Saiha/Saifa for the applications. It just makes sense to me and feels more practical than anything else I know...

Seiunchin when I was a black belt. I never got sick of doing that one. I always felt badass...
Forms with tension suck (as in are really tough). One of the most challenging things I've done with forms.
 

hoshin1600

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seisan,
my performance is more dynamic but fundamentally the same
 

skribs

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My top 5 from my school, in order:

1) Palgwe Chil Jang (7th Palgwe form, 12th form we learn, 2nd to last form before Black Belt). This is one of the more complex forms we have, with a lot of techniques that flow back and forth like a wave. I have a special place in my heart for this form, because of glowing praises I got from my Master after performing this during my Junior Black Belt test. The form is detailed and nuanced, but yet is one of our most beautiful forms.

2) Taebaek Hyung (18th form we learn, form for 3rd Dan test). This one I just recently learned, so maybe there's some recency bias. It's taking the place of Palgwe Sah Jang for me, our blue belt form, because in a lot of respects it's very similar to our 4th and 5th Palgwe form. However, I much prefer the pacing of this form. It ranges from slower and stronger than the Palgwe, as well as some of the combinations being faster and higher difficulty. It combines most of the best aspects of Form 4 and Form 5, and I feel a bit of pride in being one of the few people at my school who knows the form (we only have one other student who needs it yet), so maybe there's a bit of bias there, too.

3) Kibon Sah Jang (4th form we learn, form for adults to get Orange belt or kids to get Green belt). We have 5 Kibon, or basic forms, but this one is actually the hardest of the five. I know, because I made a mathematical formula to calculate the difficulty of each form, and this one ranked pretty high. Like how Taebaek Hyung combines Palgwe 4 and 5, Kibon Sah Jang combines Kibon Yi Jang and Kibon Sam Jang (Kibons 2 & 3). Our first form teaches the basic pattern, and then the next two forms sort of branch out and teach different concepts, which are combined together into Kibon Sah Jang. This form feels like the finished product of the three before it. If Kibon 1 is the frame of the car, Kibon 2 is the engine, and Kibon 3 is the cab, but Kibon 4 is the complete car.

As with the others I brought up, it has a special place in my heart, because it got me a gold medal at my first tournament as an adult, back when I was an orange belt. It is the most dynamic form we have up until Palgwe Sam Jang or Palgwe Sah Jang (Palgwe 3 or 4, our 8th or 9th form). This form feels like a return to basics, but still with enough meat to it that I can practice a few different concepts.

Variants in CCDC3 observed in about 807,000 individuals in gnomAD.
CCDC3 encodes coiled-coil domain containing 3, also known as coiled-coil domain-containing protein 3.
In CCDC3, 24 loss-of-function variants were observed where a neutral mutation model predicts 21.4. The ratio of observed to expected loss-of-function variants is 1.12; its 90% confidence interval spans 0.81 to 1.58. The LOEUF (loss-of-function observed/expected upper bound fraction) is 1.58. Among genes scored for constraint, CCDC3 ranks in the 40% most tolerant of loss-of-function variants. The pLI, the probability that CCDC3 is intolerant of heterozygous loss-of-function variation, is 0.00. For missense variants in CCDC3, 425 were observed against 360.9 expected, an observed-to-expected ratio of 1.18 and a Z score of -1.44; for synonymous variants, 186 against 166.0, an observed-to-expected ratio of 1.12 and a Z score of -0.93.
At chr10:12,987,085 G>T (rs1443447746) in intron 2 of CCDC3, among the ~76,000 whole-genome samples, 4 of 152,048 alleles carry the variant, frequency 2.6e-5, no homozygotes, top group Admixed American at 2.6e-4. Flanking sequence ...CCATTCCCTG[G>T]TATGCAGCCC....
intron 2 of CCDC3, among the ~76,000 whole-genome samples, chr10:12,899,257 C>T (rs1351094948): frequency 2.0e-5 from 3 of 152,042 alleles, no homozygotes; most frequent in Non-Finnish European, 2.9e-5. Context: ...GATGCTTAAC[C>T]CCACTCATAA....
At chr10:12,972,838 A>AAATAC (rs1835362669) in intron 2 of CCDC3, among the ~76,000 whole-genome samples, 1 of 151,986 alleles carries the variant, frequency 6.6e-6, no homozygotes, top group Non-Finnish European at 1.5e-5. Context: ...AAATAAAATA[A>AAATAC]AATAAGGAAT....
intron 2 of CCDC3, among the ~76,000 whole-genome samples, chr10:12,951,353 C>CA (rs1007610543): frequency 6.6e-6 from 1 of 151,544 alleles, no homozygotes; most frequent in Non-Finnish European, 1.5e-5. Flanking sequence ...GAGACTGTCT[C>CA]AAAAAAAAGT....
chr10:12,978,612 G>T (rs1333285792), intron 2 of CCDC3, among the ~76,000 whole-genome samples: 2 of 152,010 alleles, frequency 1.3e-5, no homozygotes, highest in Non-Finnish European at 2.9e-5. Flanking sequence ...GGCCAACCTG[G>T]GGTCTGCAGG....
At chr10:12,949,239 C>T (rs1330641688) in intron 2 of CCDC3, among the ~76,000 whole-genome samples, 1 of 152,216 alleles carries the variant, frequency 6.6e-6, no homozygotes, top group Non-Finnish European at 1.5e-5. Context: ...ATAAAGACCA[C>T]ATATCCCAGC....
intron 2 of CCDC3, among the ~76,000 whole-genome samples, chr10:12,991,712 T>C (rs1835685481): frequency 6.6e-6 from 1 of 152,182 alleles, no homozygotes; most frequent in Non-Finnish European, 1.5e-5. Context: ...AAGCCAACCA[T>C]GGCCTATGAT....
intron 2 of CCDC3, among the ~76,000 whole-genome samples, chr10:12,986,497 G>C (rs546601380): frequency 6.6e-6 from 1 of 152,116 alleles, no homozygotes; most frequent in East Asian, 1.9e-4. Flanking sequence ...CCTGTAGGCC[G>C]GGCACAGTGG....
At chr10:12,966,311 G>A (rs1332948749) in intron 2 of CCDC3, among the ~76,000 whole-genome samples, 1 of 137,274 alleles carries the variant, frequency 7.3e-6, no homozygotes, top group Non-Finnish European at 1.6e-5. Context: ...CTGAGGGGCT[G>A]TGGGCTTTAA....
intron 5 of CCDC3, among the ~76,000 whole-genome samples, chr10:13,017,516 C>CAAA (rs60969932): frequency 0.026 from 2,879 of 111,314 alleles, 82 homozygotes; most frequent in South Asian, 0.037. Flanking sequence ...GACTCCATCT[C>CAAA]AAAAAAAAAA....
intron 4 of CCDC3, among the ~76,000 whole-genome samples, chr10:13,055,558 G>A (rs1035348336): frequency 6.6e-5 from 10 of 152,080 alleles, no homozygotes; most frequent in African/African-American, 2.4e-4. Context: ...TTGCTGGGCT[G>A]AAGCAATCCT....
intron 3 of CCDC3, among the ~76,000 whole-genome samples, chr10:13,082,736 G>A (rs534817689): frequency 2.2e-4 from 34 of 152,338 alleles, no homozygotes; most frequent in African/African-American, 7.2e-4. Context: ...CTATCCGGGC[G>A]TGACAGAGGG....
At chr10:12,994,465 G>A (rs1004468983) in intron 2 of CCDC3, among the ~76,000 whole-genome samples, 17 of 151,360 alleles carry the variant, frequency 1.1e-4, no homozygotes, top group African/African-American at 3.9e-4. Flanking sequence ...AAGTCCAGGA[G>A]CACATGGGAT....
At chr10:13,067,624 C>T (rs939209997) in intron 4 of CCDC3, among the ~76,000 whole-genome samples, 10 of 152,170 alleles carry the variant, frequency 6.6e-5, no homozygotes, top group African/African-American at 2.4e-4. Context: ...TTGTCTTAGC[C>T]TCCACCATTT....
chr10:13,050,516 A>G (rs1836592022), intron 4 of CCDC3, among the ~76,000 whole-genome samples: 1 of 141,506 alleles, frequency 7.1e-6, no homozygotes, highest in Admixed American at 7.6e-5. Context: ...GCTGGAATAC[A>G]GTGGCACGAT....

4) Keumgang Il Jang (17th form we learn, for intermediate ranks between 2nd Dan and 3rd Dan). This is a more traditional version of Keumgang Hyung. This is by far the most complex form I know. You know how a lot of the posts I've made before have mentioned how great I've done forms in the past or how proud I am of them? This one...I'm not proud of yet. I know it, I understand it, but my body has trouble with it. It's still a challenge for me, and I'm still working on some pieces that need a lot of polishing, like the triple side kick and the 360 hook kick. Of course, I'm tempted to ask my Master if I can just do a mirror image version of the form, to get my good side on all these techniques.

So, I don't have a prideful stake in this form, but it does tickle the other itch I have with these forms: the level of difficulty. Most forms I know don't really challenge me. I might try to work on my stances, or make my techniques more crisp, but aside from Taebaek Hyung (which I only recently learned, and already feel I have a better grasp on than Keumgang Il Jang), this is the only form I still break up into pieces or individual techniques to work on, instead of working through the whole form at once.

5) Koryo Hyung (14th form we learn, first Black Belt form). We have a Koryo Il Jang, which like Keumgang Il Jang is a more traditional, more difficult version of the Hyung form we learn first. However, I actually prefer Koryo Hyung in this case. I like the flow of it better, and even after being a black belt for 2 1/2 years, I'm still learning nuances to the form that I didn't realize before. I do Koryo Hyung better today than I did when I got my 2nd degree, and I did it better than than when I passed my 1st Dan, 1st Gup (or as I explain it to people, Black Belt v1.1) test. I also think this is the only black belt form I've taught in class, so once again it has a special place in my heart. I mentor the black belts in my class when I have a chance, but it's rare I lead the whole class through forms. So, a bit of a place in my heart, a well-paced form, and one I'm still learning details on 2 1/2 years in, Koryo Hyung is my 5th favorite.
 

Balrog

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I personally think that Chung-San is one of the most graceful and challenging forms in the Songahm style. Here's a very nice performance: